DEI Under Scrutiny, Part X: Eleventh Circuit Blocks Venture Capital Fund's Grant Contest For Black Women-Owned Businesses

Ogletree, Deakins, Nash, Smoak & Stewart


Ogletree Deakins is a labor and employment law firm representing management in all types of employment-related legal matters. Ogletree Deakins has more than 850 attorneys located in 53 offices across the United States and in Europe, Canada, and Mexico. The firm represents a range of clients, from small businesses to Fortune 50 companies.
The U.S. Court of Appeals for the Eleventh Circuit blocked a contest by a venture capital fund that provided grants and other benefits to black women-owned businesses...
United States Corporate/Commercial Law
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The U.S. Court of Appeals for the Eleventh Circuit blocked a contest by a venture capital fund that provided grants and other benefits to black women-owned businesses, finding the contest is likely to unlawfully discriminate based on race under 42 U.S.C. Section 1981 (Section 1981). The decision in the case brought by an activist group that seeks to eliminate racial classifications, the American Alliance for Equal Rights (Alliance), reinforces the ongoing legal scrutiny and risk of programs that exclude certain groups based on race, even if the programs seek to address or remediate historical race discrimination.

In this tenth installment of Ogletree Deakins' "DEI Under Scrutiny" series, we examine legal questions around such programs that expressly apply to members of certain groups to the exclusion of others under Section 1981 amid increased legal scrutiny of diversity, equity, and inclusion (DEI) initiatives.

Quick Hits

  • The Eleventh Circuit granted a preliminary injunction to block a venture capital fund's business grant contest for Black women-owned businesses.
  • The majority rejected arguments that the Alliance lacked standing to challenge the contest on behalf of its members and found that the contest is "unlikely to enjoy First Amendment protection."
  • The ruling could provide an additional boost to claims challenging DEI programs amid a flurry of such new cases in the wake of the Supreme Court's 2023 decision on race-conscious admissions in higher education.

On June 3, 2024, a panel for the Eleventh Circuit ruled 2-1 in American Alliance for Equal Rights v. Fearless Fund Management, LLC, to order a preliminary injunction blocking a grant contest for Black women-owned businesses by the venture capital fund the Fearless Fund.

The Eleventh Circuit majority ruled the contest is "substantially likely to violate" Section 1981, which prohibits private parties from racial discrimination in contracts. The appellate panel found that:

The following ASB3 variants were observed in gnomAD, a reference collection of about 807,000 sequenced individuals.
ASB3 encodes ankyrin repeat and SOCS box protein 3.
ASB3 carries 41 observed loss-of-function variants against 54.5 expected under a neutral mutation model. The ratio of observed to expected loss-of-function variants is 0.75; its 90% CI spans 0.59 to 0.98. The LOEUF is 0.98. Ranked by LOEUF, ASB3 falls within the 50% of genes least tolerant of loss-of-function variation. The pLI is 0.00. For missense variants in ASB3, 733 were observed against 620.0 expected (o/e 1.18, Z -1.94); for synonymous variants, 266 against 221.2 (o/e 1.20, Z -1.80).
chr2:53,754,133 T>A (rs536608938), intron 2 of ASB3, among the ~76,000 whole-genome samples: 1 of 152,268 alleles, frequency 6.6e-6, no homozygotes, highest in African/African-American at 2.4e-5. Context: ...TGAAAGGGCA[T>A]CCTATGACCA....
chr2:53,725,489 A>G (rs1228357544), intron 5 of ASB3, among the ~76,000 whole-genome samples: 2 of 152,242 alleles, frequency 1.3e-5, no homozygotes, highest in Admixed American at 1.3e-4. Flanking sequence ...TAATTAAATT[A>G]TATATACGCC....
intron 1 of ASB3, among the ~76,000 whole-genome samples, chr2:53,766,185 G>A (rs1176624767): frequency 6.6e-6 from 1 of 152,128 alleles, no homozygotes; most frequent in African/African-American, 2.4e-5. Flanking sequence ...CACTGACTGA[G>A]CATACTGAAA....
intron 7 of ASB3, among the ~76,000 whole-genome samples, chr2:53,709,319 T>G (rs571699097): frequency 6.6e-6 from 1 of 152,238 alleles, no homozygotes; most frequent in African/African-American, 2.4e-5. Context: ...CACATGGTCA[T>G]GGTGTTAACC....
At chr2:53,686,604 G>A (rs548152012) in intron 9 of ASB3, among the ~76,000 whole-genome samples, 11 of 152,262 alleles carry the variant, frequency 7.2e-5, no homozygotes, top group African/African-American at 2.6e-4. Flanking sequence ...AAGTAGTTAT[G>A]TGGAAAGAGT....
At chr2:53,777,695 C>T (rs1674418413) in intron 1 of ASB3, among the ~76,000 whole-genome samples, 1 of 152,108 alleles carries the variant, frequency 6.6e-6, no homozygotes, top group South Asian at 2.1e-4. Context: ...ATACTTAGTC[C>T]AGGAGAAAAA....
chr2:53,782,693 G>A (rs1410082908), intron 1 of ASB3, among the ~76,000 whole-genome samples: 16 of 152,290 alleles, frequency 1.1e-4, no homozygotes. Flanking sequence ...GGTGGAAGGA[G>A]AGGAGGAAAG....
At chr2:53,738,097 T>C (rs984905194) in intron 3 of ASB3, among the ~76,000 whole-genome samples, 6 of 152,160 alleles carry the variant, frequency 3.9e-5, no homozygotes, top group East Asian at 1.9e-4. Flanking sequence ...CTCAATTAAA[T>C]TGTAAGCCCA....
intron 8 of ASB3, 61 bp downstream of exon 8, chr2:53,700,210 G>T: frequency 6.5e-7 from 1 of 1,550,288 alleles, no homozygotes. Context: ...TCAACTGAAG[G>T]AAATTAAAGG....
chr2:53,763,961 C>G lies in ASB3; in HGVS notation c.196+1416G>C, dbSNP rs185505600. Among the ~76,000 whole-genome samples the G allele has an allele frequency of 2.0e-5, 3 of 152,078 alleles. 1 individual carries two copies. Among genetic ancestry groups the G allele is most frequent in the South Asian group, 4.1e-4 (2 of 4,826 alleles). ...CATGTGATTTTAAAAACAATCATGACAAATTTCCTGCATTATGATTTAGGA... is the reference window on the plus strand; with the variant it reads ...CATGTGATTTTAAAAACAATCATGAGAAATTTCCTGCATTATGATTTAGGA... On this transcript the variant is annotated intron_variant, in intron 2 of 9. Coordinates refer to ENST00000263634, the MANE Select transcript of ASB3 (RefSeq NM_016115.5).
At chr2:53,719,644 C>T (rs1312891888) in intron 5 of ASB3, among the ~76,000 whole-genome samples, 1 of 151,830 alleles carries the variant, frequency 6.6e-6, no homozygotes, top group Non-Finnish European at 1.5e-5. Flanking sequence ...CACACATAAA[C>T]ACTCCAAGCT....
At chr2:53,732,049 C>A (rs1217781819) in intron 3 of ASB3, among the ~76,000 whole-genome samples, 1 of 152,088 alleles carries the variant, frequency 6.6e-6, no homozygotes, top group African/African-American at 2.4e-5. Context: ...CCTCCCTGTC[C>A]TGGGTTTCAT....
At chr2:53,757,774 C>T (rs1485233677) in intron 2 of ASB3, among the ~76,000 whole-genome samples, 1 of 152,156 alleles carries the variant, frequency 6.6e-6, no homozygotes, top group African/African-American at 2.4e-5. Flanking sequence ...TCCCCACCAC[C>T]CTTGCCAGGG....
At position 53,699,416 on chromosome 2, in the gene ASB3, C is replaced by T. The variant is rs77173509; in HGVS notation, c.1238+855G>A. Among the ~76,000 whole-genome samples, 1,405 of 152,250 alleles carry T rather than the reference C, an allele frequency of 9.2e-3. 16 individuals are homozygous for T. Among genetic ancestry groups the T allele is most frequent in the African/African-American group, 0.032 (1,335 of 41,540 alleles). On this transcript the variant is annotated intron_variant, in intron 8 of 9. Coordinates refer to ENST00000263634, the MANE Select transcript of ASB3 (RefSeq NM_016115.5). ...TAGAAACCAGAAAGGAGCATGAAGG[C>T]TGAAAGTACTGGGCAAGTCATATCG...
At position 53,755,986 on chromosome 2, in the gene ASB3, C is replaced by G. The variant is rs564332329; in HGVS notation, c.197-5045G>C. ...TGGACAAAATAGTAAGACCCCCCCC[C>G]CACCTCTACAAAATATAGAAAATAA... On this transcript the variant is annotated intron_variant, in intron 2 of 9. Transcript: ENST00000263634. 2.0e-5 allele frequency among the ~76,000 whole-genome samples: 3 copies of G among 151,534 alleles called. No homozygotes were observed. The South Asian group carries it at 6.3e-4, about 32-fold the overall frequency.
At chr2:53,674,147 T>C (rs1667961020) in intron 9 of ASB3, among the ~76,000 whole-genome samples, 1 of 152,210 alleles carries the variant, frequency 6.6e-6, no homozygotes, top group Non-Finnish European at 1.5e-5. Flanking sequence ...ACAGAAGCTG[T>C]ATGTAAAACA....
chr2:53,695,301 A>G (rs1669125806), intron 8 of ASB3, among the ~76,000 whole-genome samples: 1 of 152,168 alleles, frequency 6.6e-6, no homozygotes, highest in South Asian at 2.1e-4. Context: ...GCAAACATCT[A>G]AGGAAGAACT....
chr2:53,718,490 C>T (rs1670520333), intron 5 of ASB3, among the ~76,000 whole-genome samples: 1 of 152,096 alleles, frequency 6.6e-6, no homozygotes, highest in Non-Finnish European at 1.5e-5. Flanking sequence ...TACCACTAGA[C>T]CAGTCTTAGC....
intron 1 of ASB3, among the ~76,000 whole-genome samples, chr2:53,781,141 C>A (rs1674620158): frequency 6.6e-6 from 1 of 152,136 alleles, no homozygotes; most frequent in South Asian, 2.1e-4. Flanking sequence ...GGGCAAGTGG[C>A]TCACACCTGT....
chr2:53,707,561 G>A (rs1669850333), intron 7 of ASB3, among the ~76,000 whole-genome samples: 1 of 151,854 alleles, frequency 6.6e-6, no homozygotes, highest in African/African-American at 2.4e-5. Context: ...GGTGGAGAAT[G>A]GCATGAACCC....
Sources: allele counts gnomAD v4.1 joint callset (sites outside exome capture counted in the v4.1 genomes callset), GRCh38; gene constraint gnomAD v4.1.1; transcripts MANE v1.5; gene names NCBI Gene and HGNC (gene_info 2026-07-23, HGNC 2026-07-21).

• a nonprofit membership group had standing to file suit on behalf of members who intended to but did not apply for the grant contest because they were excluded by the program's terms;
  • the contest constituted a contract under Section 1981 and "erects an 'absolute bar' to non-black applicants and thus fails to qualify for any remedial-program exception that might apply"; and
  • the contest was not "expressive conduct" protected by the First Amendment of the U.S. Constitution.

The case marks another anti-DEI victory in a matter backed by an Edward Blum activist group, the Alliance, which is dedicated to "ending racial classifications and racial preferences in America." Blum also backed the Students for Fair Admissions, Inc. v. Harvard College (SFFA) case, in which the Supreme Court of the United States held that certain race-conscious admissions policies in higher education were unconstitutional, as well as many highly publicized Section 1981 cases. Such challenges include some against certain law firm race-exclusive mentorship and scholarship programs, most of which the law firms have since changed to race-neutral programs.


Fearless Fund, which seeks to invest "in women of color-led businesses" and "bridge the gap in venture capital funding for women of color," offered a contest to provide four businesses with $20,000 in funding and mentorship support. According to the Eleventh Circuit decision, the contest was only open to "'black females who are ... legal U.S. residents'" or businesses that are at least 51 percent Black women-owned. Further, applicants had to agree to allow Fearless Fund to use their names, images, likenesses, and business ideas for promotional purposes and agree to arbitration, among other matters.

The Alliance filed a lawsuit alleging that it is a contract covered by Section 1981 and that the contest, by its terms, violates Section 1981 because it excludes non-Black applicants based on their race.

The case reached the Eleventh Circuit after a federal district court ruled that the Alliance had standing to bring suit but declined to issue a preliminary injunction, finding that the contest may be protected expressive conduct under the First Amendment.


The Eleventh Circuit majority agreed with the district court's finding that the grant contest constituted a contract subject to Section 1981's prohibition on intentional race discrimination in the enforcement of contracts. In doing so, the majority rejected Fearless Fund's argument that its contest was "nothing more than a vehicle for conveying 'discretionary gifts' that confer 'no enforceable rights on contest entrants.'" The majority stated that the permission to use the winning applicants' business ideas and names, images, and likenesses and the arbitration agreements, in particular, rendered the contest a "bargained-for exchange supported by good and sufficient consideration."

Remedial Measure

The majority rejected the argument that the contest qualifies as a remedial measure exempted from Section 1981. The Supreme Court has found that the exception applies to programs that address racial imbalances without creating an "absolute bar" for others. The Eleventh Circuit assumed without deciding that the exception extended to and applied to Section 1981, outside its more typical usage in employment discrimination claims under Title VII of the Civil Rights Act of 1964. The court stated that the Fearless Fund contest "unquestionably 'create[s] an absolute bar' to the advancement of non-black business owners" and the exception therefore did not apply.